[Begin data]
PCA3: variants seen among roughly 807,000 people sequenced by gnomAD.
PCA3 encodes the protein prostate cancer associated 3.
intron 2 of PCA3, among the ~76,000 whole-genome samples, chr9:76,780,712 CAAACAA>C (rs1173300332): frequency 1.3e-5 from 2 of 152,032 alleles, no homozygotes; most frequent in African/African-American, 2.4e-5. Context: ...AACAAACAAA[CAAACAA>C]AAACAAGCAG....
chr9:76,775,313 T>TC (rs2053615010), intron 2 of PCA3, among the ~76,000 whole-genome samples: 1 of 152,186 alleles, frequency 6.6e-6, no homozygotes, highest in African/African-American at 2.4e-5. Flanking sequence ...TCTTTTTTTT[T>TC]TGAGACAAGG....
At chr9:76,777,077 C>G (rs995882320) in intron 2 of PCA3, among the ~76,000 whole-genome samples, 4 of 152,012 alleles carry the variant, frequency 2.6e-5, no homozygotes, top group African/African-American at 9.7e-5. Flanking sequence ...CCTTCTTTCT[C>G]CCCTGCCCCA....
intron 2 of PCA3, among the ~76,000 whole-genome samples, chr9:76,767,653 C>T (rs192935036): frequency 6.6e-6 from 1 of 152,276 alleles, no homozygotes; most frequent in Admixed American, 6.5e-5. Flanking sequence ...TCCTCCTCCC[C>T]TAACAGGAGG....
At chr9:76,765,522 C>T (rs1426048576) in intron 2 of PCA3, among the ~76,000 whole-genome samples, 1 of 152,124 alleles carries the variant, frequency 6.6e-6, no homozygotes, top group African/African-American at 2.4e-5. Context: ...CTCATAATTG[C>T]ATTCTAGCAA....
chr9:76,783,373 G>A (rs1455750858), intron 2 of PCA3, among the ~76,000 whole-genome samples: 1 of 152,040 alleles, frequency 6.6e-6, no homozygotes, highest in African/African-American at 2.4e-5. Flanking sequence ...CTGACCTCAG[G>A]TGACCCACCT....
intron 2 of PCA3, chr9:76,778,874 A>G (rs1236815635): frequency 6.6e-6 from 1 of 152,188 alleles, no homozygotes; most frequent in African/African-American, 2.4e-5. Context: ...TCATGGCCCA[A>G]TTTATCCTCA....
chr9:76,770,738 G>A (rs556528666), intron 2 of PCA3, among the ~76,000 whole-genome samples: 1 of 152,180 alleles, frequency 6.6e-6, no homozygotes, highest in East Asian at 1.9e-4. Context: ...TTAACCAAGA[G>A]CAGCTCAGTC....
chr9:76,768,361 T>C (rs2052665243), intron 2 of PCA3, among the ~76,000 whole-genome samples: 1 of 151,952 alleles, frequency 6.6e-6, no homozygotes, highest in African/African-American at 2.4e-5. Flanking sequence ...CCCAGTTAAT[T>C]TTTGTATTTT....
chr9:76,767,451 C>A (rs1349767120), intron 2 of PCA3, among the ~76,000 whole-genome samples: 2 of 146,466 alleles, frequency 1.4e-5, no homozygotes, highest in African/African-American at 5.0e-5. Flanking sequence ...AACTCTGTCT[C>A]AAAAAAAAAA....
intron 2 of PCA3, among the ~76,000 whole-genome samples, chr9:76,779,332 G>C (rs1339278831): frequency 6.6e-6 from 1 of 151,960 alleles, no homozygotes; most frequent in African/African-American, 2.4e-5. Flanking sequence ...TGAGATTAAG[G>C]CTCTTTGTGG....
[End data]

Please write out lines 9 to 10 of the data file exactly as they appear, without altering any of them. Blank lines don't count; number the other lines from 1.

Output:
intron 2 of PCA3, chr9:76,778,874 A>G (rs1236815635): frequency 6.6e-6 from 1 of 152,188 alleles, no homozygotes; most frequent in African/African-American, 2.4e-5. Context: ...TCATGGCCCA[A>G]TTTATCCTCA....
chr9:76,770,738 G>A (rs556528666), intron 2 of PCA3, among the ~76,000 whole-genome samples: 1 of 152,180 alleles, frequency 6.6e-6, no homozygotes, highest in East Asian at 1.9e-4. Context: ...TTAACCAAGA[G>A]CAGCTCAGTC....